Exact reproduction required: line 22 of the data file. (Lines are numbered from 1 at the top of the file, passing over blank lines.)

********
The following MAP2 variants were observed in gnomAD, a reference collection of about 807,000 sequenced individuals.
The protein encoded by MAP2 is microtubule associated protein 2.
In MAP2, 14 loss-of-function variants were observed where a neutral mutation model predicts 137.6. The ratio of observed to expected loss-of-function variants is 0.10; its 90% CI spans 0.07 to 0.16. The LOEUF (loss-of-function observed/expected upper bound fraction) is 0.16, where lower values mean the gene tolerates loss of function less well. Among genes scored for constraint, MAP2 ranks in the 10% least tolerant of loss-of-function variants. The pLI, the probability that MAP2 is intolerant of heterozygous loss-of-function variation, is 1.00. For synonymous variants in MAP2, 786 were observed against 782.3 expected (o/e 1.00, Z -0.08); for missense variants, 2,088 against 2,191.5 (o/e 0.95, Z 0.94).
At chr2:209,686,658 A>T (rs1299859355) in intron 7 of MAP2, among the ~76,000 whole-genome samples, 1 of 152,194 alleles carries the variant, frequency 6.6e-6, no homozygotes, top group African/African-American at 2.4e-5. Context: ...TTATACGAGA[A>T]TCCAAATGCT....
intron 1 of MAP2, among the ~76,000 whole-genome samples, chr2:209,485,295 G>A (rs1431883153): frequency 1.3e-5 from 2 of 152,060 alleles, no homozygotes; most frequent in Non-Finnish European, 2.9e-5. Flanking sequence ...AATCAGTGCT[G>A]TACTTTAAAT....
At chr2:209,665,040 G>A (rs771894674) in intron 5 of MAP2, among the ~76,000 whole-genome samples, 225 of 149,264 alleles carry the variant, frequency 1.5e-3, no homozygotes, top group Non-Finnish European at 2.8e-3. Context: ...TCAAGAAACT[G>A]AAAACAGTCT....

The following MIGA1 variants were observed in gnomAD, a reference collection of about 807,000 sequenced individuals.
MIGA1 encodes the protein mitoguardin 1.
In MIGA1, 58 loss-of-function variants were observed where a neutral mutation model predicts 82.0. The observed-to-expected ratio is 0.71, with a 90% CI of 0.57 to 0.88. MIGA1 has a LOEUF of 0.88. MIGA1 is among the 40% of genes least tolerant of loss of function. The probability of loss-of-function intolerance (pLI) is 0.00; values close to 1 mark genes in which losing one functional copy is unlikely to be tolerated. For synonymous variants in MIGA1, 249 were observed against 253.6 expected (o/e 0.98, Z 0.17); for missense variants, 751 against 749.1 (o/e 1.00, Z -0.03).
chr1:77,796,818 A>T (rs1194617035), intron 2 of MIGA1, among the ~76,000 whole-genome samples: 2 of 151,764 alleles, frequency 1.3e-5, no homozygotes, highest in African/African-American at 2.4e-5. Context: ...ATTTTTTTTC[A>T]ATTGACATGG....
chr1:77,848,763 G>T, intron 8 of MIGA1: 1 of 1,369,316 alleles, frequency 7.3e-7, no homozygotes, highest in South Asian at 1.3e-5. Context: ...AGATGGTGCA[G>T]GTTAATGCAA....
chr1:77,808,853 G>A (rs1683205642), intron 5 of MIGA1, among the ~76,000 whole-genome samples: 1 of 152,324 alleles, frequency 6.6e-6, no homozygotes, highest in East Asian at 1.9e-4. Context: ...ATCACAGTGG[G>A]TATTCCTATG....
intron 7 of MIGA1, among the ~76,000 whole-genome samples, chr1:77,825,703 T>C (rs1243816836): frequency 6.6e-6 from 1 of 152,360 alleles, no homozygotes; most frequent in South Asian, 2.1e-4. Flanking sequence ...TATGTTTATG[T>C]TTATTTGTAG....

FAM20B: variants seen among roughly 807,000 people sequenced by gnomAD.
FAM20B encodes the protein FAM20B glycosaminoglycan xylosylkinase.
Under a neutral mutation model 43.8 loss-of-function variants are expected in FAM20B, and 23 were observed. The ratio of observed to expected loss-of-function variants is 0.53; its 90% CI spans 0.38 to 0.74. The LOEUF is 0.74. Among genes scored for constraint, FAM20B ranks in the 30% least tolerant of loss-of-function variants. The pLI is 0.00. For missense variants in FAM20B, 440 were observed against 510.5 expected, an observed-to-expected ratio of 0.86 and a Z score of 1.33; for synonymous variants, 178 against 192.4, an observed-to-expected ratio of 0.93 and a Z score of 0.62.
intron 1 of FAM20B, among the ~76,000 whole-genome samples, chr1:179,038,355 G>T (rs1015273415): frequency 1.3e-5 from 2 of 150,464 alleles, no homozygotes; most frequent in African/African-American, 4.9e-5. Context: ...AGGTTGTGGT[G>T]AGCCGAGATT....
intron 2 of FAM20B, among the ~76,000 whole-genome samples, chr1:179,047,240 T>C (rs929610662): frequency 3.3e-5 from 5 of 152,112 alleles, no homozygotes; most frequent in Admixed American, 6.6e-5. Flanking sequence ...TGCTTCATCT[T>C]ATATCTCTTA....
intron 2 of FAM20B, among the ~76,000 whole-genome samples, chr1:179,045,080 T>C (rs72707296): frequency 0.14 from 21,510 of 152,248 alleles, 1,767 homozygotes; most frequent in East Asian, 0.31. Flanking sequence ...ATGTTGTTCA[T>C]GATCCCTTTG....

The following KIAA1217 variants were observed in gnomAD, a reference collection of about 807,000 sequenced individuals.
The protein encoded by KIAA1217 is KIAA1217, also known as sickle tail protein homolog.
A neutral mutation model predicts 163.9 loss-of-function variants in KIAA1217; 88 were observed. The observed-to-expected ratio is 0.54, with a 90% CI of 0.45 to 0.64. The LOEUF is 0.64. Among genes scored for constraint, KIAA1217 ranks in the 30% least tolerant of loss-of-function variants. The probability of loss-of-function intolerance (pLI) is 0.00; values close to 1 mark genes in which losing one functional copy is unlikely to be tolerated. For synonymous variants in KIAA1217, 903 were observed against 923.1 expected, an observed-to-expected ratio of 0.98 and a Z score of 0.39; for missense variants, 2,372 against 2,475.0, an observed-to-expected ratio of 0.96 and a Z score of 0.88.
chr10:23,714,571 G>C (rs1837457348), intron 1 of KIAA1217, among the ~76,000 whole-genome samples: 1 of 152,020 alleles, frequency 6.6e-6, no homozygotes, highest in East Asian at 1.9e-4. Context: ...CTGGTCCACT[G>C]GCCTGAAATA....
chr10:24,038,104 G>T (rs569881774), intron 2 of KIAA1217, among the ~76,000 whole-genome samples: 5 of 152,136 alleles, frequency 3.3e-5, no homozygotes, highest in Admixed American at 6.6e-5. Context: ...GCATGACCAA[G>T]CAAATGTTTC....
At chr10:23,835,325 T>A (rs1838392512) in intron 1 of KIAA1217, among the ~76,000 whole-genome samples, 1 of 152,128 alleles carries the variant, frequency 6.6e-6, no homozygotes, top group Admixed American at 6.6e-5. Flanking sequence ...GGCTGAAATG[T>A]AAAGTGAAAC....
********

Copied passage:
A neutral mutation model predicts 163.9 loss-of-function variants in KIAA1217; 88 were observed. The observed-to-expected ratio is 0.54, with a 90% CI of 0.45 to 0.64. The LOEUF is 0.64. Among genes scored for constraint, KIAA1217 ranks in the 30% least tolerant of loss-of-function variants. The probability of loss-of-function intolerance (pLI) is 0.00; values close to 1 mark genes in which losing one functional copy is unlikely to be tolerated. For synonymous variants in KIAA1217, 903 were observed against 923.1 expected, an observed-to-expected ratio of 0.98 and a Z score of 0.39; for missense variants, 2,372 against 2,475.0, an observed-to-expected ratio of 0.96 and a Z score of 0.88.